Equities took it on the chin, but let’s start by looking at the government bond market. As you can see in the table below, the 2-10 year yield curves are now inverted in the UK, the Eurozone and the US, with the inversion increasing sharply in all three economies over the last month. Also note the sharp increase in 2-year yields over the last month, especially in the UK, as May CPI surprised and then the BoE responded with a jumbo increase in the Bank Rate this week. At the same time, 10-year yields have barely moved higher (or have even declined in the case in the Eurozone), an indication of investors’ sentiment regarding the direction of each economy down the road.

You can also see the CPI May YoY figures in the table above, with all three economies – but especially the UK – unable to work inflation back down to the target 2%. The way I see it, the UK is by far in the most precarious position, and will almost certainly experience a severe case of stagflation because inflation looks as if it will take longer to contain as the economy struggles to tread water. However, the yield curves in all three economies are signalling a slowdown ahead. Weakening oil prices in spite of OPEC+ cutting supply are another indicator of expectations regarding future global economic growth. Perhaps the one thing that has shocked me more than any is the resiliency of Sterling. If you focus a moment away from the expectations regarding the relative trajectory of interest rates in each economy (which I understand), betting on the UK – and Sterling in the intermediate term – looks like a loser’s wager to me at the moment.

If you would like to see the more gory details of performance by asset class / market index, go to the section “The Tables” below.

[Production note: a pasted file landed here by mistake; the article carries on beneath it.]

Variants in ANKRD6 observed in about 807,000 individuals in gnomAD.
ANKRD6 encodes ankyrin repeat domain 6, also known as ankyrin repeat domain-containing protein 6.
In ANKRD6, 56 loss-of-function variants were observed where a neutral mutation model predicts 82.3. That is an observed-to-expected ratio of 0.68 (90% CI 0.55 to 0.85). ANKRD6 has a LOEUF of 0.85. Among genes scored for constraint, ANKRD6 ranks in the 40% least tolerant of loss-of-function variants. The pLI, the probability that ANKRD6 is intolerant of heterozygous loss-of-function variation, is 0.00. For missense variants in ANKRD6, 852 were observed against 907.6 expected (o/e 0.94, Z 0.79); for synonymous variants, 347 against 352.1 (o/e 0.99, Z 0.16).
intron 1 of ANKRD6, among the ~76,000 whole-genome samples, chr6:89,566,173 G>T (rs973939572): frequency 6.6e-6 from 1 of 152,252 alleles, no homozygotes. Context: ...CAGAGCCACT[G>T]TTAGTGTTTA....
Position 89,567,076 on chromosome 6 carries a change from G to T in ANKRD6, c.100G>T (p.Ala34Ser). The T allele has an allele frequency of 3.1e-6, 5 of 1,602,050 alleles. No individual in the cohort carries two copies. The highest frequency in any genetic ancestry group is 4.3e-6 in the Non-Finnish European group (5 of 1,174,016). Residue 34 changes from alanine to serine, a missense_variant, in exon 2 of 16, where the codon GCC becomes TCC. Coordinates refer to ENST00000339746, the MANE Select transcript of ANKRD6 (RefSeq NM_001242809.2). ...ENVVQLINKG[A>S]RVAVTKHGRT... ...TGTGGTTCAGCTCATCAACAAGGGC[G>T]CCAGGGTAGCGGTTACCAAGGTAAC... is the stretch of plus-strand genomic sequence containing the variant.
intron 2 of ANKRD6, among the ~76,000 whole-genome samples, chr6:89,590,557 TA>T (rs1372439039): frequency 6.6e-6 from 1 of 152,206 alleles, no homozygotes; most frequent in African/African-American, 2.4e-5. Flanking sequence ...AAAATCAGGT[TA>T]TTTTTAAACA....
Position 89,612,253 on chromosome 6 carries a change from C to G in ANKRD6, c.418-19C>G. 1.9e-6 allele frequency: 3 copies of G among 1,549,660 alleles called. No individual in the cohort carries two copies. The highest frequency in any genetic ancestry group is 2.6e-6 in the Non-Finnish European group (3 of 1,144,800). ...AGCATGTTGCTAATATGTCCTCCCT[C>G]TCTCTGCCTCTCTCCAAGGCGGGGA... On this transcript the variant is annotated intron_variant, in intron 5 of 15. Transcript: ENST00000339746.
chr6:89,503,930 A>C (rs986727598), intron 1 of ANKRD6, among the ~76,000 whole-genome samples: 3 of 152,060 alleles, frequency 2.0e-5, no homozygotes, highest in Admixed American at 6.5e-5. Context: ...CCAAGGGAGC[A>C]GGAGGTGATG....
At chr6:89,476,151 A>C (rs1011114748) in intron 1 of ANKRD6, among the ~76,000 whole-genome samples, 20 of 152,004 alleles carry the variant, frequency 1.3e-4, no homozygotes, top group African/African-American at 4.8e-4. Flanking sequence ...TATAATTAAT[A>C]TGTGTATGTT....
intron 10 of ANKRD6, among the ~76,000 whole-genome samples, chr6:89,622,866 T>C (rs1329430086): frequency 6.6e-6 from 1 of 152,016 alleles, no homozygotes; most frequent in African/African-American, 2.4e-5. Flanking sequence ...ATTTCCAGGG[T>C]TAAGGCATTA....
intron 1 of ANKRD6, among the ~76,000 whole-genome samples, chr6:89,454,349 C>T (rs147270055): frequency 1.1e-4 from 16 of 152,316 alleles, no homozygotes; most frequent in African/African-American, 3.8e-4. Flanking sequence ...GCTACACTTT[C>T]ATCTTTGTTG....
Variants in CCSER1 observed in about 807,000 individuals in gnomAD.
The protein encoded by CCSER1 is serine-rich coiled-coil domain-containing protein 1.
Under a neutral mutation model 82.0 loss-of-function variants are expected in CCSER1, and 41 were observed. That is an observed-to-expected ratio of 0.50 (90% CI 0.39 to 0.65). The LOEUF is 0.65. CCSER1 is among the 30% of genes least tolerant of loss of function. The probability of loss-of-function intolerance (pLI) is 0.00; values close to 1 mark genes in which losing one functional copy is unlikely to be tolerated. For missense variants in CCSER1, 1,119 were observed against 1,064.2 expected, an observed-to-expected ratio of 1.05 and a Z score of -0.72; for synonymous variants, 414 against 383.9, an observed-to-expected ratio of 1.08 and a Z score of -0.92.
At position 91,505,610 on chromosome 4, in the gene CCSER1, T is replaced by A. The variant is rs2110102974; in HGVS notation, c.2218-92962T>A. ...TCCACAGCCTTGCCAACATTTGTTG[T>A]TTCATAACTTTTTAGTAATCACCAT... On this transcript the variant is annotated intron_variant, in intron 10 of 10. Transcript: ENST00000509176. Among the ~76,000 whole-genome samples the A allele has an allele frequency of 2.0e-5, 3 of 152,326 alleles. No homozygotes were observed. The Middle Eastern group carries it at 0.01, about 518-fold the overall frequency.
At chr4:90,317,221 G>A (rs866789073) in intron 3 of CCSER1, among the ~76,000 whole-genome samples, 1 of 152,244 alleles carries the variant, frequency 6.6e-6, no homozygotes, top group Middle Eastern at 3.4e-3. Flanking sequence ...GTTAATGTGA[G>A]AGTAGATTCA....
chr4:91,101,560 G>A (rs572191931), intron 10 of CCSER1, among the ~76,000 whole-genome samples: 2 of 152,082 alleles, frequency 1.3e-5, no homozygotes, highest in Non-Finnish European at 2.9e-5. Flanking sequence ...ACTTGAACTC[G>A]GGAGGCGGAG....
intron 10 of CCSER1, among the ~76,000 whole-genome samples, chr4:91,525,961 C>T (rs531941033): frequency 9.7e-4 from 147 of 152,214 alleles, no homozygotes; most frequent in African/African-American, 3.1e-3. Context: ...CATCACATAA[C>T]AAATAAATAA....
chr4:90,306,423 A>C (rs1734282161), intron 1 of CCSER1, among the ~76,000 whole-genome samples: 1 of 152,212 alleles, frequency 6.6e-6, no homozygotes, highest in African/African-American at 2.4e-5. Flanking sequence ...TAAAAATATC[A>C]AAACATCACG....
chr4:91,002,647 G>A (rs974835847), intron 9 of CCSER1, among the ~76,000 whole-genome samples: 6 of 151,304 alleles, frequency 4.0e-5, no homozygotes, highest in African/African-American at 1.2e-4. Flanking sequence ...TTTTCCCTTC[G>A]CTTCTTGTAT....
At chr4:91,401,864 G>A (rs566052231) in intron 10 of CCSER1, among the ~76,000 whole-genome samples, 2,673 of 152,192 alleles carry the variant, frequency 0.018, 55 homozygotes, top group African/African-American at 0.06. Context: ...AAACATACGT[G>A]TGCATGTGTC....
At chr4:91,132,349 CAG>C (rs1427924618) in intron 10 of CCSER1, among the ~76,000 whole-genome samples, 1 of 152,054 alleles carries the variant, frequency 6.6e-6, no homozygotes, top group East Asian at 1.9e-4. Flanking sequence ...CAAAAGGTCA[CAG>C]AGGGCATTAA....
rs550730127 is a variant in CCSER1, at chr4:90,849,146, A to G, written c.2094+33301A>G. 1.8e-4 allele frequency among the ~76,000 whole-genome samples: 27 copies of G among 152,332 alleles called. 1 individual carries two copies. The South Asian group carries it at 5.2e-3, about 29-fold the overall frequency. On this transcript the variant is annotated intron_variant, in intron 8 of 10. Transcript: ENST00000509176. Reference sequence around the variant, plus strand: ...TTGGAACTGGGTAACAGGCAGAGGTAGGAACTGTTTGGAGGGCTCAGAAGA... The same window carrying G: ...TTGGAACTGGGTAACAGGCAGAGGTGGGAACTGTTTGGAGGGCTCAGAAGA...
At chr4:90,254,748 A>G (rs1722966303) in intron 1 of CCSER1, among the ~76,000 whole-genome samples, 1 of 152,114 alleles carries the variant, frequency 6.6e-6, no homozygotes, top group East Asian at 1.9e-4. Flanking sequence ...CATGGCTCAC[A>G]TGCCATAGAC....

UK inflation for May came in much hotter than expected mid-week (core CPI 6.5% YoY, up from 6.2% in April; see here), setting the stage for the Bank of England’s unexpected 50bps increase in the overnight Bank Rate the following day (see “Monetary Policy Summary, June 2023”). Investors and economists had been leaning towards a 25bps increase, but the hotter-than-expected May CPI read might have sealed the deal in favour of a more hawkish increase. This was the 13th consecutive time than the Bank Rate had been increased dating back to December 2021. Having now reached 5.0% – its highest level since April 2008 – and with more rate rises expected, the U.K. will likely face a “hard landing” in the coming months, as monetary policy clamps down on demand and growth. The culprits are a combination of a very tight labour market, especially services, and the BREXIT hangover as the country struggles to remain economically relevant on the global stage by going at it alone (post-EU exit).

Stateside, Fed Chair Jerome Powell made his biannual pilgrimage to Congress on Wednesday and Thursday, saying nothing new but providing a host of congressional members with political fodder for the future. The value I extract from this dressing down is nil, a complete waste of time if you care about economics and the direction of monetary policy in the US, and have been paying attention. I heard nothing new, although Mr Powell did reiterate that the June pause would likely be followed by two more increases in the Federal Funds rate this year, and that the current QE programme (circa $1 trillion/annum) would continue. Other than the macroeconomic outlook and Fed intentions with respect to monetary policy, there was also a fair number of questions about banks and bank regulation. Mr Powell indicated that the Fed is looking at this carefully in light of the March bank crisis, and is likely to tighten the capital and / or liquidity requirements of banks with $100 billion or more of assets (whereas I understand the threshold is currently $250 billion).


The tables below provide detail across various global and US equity indices, the US Treasury market, corporate bonds and various other asset classes.

Global equities

US equities

US Treasuries

Corporate bonds (credit)

Safe haven and other assets